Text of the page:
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International expert consensus on the management of bleeding during VATS lung surgery.
Ann Transl Med. 2019 Dec; 7(23):712.AT

Abstract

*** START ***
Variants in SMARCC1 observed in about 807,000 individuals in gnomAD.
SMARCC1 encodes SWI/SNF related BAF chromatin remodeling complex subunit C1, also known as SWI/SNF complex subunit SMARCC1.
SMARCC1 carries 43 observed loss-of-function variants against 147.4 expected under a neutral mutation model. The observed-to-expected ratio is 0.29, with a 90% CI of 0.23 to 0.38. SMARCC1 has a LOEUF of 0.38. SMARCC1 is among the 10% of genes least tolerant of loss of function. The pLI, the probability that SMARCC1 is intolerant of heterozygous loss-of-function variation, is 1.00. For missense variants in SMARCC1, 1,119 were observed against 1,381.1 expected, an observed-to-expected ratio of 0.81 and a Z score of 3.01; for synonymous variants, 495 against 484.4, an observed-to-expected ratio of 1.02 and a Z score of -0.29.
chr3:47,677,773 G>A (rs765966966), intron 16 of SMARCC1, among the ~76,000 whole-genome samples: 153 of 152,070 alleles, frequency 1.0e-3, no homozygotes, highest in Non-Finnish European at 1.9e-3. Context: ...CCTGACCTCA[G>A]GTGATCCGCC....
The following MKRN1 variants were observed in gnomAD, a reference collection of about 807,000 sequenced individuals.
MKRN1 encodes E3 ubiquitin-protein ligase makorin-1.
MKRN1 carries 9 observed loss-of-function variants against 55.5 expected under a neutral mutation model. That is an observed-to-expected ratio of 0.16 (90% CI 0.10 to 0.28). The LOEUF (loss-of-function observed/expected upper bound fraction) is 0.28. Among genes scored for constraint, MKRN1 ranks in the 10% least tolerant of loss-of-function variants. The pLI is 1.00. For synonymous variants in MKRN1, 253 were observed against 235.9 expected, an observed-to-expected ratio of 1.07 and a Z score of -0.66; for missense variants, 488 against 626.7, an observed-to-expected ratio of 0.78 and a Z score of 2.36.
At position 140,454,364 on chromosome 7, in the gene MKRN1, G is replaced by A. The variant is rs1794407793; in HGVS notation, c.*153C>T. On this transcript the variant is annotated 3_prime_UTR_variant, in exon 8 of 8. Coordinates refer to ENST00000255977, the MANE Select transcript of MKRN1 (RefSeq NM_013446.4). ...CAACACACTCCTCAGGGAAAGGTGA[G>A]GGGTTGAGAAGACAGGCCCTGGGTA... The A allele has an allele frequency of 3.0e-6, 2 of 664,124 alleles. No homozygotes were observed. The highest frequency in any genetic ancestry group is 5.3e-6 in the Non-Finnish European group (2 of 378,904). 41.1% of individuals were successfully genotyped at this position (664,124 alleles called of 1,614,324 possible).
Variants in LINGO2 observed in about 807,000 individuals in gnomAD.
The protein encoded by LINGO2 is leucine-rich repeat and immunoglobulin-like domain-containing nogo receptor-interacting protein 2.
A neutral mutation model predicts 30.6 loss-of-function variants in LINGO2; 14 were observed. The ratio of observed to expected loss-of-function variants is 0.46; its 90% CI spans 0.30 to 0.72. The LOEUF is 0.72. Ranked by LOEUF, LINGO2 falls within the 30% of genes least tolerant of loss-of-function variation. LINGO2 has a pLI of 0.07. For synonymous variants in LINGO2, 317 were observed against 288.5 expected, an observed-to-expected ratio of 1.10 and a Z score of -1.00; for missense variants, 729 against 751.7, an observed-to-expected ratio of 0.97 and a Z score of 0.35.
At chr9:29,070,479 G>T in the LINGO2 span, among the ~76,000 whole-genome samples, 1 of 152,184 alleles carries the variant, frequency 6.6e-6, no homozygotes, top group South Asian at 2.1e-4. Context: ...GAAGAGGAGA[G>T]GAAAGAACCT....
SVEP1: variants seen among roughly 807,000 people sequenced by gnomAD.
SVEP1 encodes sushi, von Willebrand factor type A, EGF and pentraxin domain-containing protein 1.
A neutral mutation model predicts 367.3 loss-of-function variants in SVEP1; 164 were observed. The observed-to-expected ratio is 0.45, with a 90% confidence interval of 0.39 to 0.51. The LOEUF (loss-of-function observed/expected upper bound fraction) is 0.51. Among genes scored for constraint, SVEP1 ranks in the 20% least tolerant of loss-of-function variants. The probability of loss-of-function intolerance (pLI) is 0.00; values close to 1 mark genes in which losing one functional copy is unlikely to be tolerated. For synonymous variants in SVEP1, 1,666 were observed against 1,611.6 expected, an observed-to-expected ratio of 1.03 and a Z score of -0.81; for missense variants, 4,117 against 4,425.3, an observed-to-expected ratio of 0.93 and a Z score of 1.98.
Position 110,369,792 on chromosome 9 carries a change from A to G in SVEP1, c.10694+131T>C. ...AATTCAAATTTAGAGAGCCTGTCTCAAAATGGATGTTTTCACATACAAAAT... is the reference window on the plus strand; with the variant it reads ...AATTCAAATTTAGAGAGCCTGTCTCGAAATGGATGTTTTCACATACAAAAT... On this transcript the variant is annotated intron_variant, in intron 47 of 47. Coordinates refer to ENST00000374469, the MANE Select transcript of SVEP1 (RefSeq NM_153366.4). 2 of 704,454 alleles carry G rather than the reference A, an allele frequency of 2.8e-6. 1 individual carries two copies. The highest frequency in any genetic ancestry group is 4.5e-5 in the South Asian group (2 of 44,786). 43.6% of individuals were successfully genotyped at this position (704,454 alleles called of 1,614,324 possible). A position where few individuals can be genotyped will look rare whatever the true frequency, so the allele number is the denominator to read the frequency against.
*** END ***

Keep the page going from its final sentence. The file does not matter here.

Intraoperative bleeding is the most crucial safety concern of video-assisted thoracic surgery (VATS) for a major pulmonary resection. Despite the advances in surgical techniques and devices, intraoperative bleeding is still not rare and remains the most common and potentially fatal cause of conversion from VATS to open thoracotomy. Therefore, to guide the clinical practice of VATS lung surgery, we proposed the International Interest Group on Bleeding during VATS Lung Surgery with 65 experts from 10 countries in the field to develop this consensus document. The consensus was developed based on the literature reports and expert experience from different countries. The causes and incidence of intraoperative bleeding were summarised first. Seven situations of intraoperative bleeding were collected based on clinical practice, including the bleeding from massive vessel injuries, bronchial arteries, vessel stumps, and bronchial stumps, lung parenchyma, lymph nodes, incisions, and the chest wall. The technical consensus for the management of intraoperative bleeding was achieved on these seven surgical situations by six rounds of repeated revision. Following expert consensus statements were achieved: (I) Bleeding from major vascular injuries: direct compression with suction, retracted lung, or rolled gauze is useful for bleeding control. The size and location of the vascular laceration are evaluated to decide whether the bleeding can be stopped by direct compression or by ligation. If suturing is needed, the suction-compressing angiorrhaphy technique (SCAT) is recommended. Timely conversion to thoracotomy with direct compression is required if the operator lacks experience in thoracoscopic angiorrhaphy. (II) Bronchial artery bleeding: pre-emptive clipping of bronchial artery before bronchial dissection or lymph node dissection can reduce the incidence of bleeding. Bronchial artery bleeding can be stopped by compression with the suction tip, followed by the handling of the vascular stump with energy devices or clips. (III) Bleeding from large vessel stumps and bronchial stumps: bronchial stump bleeding mostly comes from accompanying bronchial artery, which can be clipped for hemostasis. Compression for hemostasis is usually effective for bleeding at the vascular stump. Otherwise, additional use of hemostatic materials, re-staple or a suture may be necessary. (IV) Bleeding from the lung parenchyma: coagulation hemostasis is the first choice. For wounds with visible air leakage or an insufficient hemostatic effect of coagulation, suturing may be necessary. (V) Bleeding during lymph node dissection: non-grasping en-bloc lymph node dissection is recommended for the nourishing vessels of the lymph node are addressed first with this technique. If bleeding occurs at the site of lymph node dissection, energy devices can be used for hemostasis, sometimes in combination with hemostatic materials. (VI) Bleeding from chest wall incisions: the chest wall incision(s) should always be made along the upper edge of the rib(s), with good hemostasis layer by layer. Recheck the incision for hemostasis before closing the chest is recommended. (VII) Internal chest wall bleeding: it can usually be managed with electrocoagulation. For diffuse capillary bleeding with the undefined bleeding site, compression of the wound with gauze may be helpful.